Does your training and racing leave you tired and shattered? Want to get back up and going quicker after events or training sessions?
There are a range of things you can do to assist with recovering from events and training sessions. Most people don’t give themselves the best shot at recovering quickly so here is some advice to assist you do so.
Conducting an appropriate warm up will not only ensure you perform to the best of your ability, but will also avoid the body getting a shock from the level of exercise. If you give your body a massive shock it will take greater time and effort for the body to recover from it. By doing an appropriate warm up, you can avoid the body needing the extra recovery. By progressively moving into the warm up, starting slowly and gently, building to more intense efforts you will progressively increase your heart rate and ventilation rate and get the blood moving to the muscles.
A cool down will also greatly assist your recovery. How many people do you see finish a race and then pack up their gear and go home? Are you guilty of doing this too? Just going for a gentle jog or bike ride after a running race or bike race respectively will have great benefits to assisting to flush waste products from the body. It doesn’t need to be long. 10 minutes is ample for most situations.
Doing a hard training session or race isn’t a reason to reward yourself with crap food. After all you are what you eat. After you finish exercising you have a window of about 2 hours in which your body can optimally absorb the required nutrients. As time goes on this ability returns back towards its normal ability to absorb nutrients. Make the most of this opportunity to fuel the body appropriately. The focus should be on carbohydrates, but not at the exclusion of protein which is essential for repair and regeneration. A ratio of 4:1 is optimal, that is four times as many carbohydrates compared to protein. The carbohydrates provide the energy and the protein is the building blocks for the repair.
Stretching often gets left out of the training programme, but it shouldn’t. It doesn’t take long to complete and the benefits are immense. The inclusion of a weekly yoga class can do wonders for your flexibility and your performance as a result of its inclusion. Talk to your coach about this. After the session or race, stretch the muscles that have been worked the hardest/most first, if you don’t have time to stretch every muscle. If you have more time available work systematically through your body to ensure each part gets a good stretch. Click here for a stretching programme.
As Euripides is quoted as saying: “Do not consider painful what is good for you”. A good massage can be slightly uncomfortable, but conversely it will increase blood flow and lymphatic circulation, increasing the delivery of oxygen and nutrients to the muscles, as well as flushing out any waste products that are present. Regardless of how stressful a massage is, any reputable massage therapist will always finish with relaxing strokes to minimise any immediate discomfort from the massage you have just received.
Having hot/cold contrast showers or baths can provide some great benefits. Using a plunge pool is great but not a practical option for most people. Conducting this recovery technique in a shower can be just as beneficial. Simply ensure you heat your body up using water as hot as you can tolerate for about 3 minutes, then utilise the coldest water your body can tolerate (or that your shower can supply) for thirty seconds. Repeat this three times. The hot water creates vasodilation of the blood vessels and the cold water stimulates vasoconstriction. The opening and closing of the blood vessels increases blood circulation and removal of waste products.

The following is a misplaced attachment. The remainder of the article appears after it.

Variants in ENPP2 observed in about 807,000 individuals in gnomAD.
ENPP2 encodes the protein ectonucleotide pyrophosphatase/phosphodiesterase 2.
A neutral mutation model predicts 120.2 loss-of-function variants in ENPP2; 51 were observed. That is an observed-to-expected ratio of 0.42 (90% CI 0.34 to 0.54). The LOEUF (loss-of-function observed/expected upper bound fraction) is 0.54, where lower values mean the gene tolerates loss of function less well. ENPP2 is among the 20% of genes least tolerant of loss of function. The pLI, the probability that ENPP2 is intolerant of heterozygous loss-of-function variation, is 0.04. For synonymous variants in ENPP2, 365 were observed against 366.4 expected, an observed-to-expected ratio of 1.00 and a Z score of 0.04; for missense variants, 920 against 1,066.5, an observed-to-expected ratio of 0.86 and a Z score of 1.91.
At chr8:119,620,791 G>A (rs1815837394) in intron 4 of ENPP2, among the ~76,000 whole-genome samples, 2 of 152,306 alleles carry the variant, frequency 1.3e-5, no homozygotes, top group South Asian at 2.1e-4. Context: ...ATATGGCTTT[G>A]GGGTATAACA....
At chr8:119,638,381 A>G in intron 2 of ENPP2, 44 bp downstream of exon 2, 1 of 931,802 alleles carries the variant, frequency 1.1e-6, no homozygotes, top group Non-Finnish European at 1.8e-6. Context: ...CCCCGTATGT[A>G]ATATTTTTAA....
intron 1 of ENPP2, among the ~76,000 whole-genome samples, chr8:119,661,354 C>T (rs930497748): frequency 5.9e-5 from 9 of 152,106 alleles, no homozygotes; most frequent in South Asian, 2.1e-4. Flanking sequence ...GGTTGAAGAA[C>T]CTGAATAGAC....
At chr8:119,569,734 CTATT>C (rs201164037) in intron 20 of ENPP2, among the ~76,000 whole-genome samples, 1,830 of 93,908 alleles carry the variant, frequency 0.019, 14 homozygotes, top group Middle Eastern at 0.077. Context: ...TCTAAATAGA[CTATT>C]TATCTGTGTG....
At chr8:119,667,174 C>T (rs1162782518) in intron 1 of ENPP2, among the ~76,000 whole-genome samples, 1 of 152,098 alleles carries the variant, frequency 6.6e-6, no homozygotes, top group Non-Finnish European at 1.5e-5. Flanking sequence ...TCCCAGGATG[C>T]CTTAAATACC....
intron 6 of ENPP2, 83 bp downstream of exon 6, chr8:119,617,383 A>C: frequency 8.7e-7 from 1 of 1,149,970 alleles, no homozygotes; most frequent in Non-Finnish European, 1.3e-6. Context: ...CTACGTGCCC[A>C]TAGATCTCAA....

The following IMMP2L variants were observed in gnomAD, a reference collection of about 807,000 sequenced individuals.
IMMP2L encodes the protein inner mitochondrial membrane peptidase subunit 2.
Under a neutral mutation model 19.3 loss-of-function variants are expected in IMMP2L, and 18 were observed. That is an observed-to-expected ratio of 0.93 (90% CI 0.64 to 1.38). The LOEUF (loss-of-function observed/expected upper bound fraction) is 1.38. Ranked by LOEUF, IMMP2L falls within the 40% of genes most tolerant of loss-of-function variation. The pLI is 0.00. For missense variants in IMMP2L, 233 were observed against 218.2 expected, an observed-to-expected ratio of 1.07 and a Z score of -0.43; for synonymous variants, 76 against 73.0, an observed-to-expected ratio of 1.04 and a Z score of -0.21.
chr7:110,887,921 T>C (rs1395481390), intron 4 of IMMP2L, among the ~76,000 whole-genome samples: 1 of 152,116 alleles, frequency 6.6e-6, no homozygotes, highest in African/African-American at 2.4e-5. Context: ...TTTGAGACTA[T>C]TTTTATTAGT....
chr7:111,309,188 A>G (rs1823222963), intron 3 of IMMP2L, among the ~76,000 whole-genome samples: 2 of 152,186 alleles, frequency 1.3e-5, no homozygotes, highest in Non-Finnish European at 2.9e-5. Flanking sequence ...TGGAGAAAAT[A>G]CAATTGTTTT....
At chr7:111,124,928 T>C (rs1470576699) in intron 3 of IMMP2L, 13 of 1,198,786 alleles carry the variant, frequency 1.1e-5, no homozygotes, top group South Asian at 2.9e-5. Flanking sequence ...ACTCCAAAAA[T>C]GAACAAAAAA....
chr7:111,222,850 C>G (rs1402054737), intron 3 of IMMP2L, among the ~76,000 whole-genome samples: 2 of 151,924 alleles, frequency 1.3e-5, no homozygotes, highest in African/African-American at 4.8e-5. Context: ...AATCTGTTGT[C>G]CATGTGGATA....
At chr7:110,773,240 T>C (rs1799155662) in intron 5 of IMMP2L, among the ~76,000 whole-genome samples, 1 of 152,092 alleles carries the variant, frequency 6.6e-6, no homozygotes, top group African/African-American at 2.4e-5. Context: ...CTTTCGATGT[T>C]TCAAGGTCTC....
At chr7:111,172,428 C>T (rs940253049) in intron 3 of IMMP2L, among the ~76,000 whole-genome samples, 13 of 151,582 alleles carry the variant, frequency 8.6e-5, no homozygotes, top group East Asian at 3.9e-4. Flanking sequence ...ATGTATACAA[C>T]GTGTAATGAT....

Recovery sessions can be conducted at low intensity (less than 70%) and for relatively short durations (less than thirty minutes in some instances). They allow for plenty of rest and are a great opportunity for technique work. They increase the blood flow over normal resting levels and this assists with the removal of waste products.
Coach Ray is the Head Coach & Director of Qwik Kiwi – Endurance Sports Consultant.
Coach Ray specialises in assisting first timers and recreational athletes to achieve their sporting goals. He can be contacted at www.qwik.kiwi, firstname.lastname@example.org and 021 348 729. Make sure you sign up to his informative newsletter.
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Ray has competed in triathlons from sprint to ironman distance (both IM Taupo and Challenge Wanaka). Consequently he is aware of the importance of balancing training with lifestyle, thus complimenting other important aspects of an athlete’s life (family, work, study commitments etc…).
• Entering your first triathlon?
• Stepping up to a longer distance?
• Looking to go faster?
• Wanting to turn previous negatives into positives?
Ray has coached athletes to achieve these and more. Training programmes are accessible online, so athletes can be located anywhere and still reap the benefits of Ray’s coaching. Contact him to discuss how he can assist you to achieve your goals.
This book is a great, in depth manual for how Peter Coe and David Martin developed elite British runners. It is written like an exercise physiology textbook, so it isn't an easy read but it is packed full of great detail on how to structure, prepare and periodise training plans.